Night Spots and a Dirty Sun Clock
Paintings by Dustin Metz
October 23 – December 15 2016
Text By Kati Gegenheimer
Dustin Metz’ paintings bear the questions of space and time, in terms of subject matter and aesthetics, but also by way of greater universal terms: How do we measure time and duration?
First we look to the friendly yellow clock, a “lived in” symbol infused with personality by way of Metz’s brush, which suddenly measures everything else in the room around us. Beyond the sunny color, the seconds and minutes and days and hours and years insinuated by this character in the room instantly make us self aware of how long we spend with paintings. But if the clock is frozen, then what? Is painting space infinite space if we say so?
A fire begins, a fire ends. Shrouded in deep darkness, black on black paint demands your pupils adjust. It points to the delicacy of human existence by ratio of the fire of a cigarette to darkness in a landscape, or a lighthouse over a swaying endless ocean, a plane over a boundless desert, or flashlight under a wool blanket.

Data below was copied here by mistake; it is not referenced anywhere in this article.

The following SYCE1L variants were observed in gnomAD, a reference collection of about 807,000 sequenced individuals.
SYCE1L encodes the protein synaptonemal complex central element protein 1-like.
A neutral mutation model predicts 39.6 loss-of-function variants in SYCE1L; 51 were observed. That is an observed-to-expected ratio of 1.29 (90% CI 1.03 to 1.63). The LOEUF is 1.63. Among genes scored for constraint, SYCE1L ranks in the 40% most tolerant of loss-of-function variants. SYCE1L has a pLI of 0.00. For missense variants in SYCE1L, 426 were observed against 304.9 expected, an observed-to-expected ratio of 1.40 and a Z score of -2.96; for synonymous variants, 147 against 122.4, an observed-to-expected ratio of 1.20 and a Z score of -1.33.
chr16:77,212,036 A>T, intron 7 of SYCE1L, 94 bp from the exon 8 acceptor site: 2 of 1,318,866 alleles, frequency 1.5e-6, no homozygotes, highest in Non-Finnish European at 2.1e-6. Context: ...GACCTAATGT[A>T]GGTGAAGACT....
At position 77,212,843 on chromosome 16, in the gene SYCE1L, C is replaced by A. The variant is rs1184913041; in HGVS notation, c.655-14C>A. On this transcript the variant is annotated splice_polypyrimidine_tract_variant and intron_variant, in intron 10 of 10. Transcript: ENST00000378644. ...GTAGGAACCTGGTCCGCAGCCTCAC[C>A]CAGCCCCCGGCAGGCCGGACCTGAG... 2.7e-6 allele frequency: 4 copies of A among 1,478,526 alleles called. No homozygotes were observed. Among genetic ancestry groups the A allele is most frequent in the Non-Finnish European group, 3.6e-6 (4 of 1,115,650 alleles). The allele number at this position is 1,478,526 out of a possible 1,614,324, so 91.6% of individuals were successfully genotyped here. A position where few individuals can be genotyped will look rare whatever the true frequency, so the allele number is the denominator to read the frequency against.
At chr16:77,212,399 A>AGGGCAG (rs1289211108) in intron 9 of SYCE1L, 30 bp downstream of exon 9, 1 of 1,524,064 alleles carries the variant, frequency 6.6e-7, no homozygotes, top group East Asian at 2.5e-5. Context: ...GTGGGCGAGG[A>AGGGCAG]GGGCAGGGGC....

Our pupils adjust again. This small but steadfast light serves as beacon of breath and blood and guts and thoughts in the quiet dark. This tranquil fire in velvety dark is where Metz is, alone in the studio painting his way to the light from the dark. The duration of each painting, of each light, perhaps begins with a cigarette being lit, but it extends to a clock, and expands to a lifetime in a studio. The clock remains persistent, as do the paintings.
I will never forget Metz using the most poetic phrase to describe painters as “alone together.” We all know that we are there, burning the midnight oil, as light diminishes, and the sun rises and sets again, we remain alone together, with the nuanced cycle of time reminding us to continue on. Metz attempts to freeze time in a painting, and thank goodness for us all that his magic trick works, because if only for a few minutes, we become lost in his paintings, lost in his hand, lost in the color and the beauty. But we are only human, and so again we look to the clock.
-Kati Gegenheimer 2016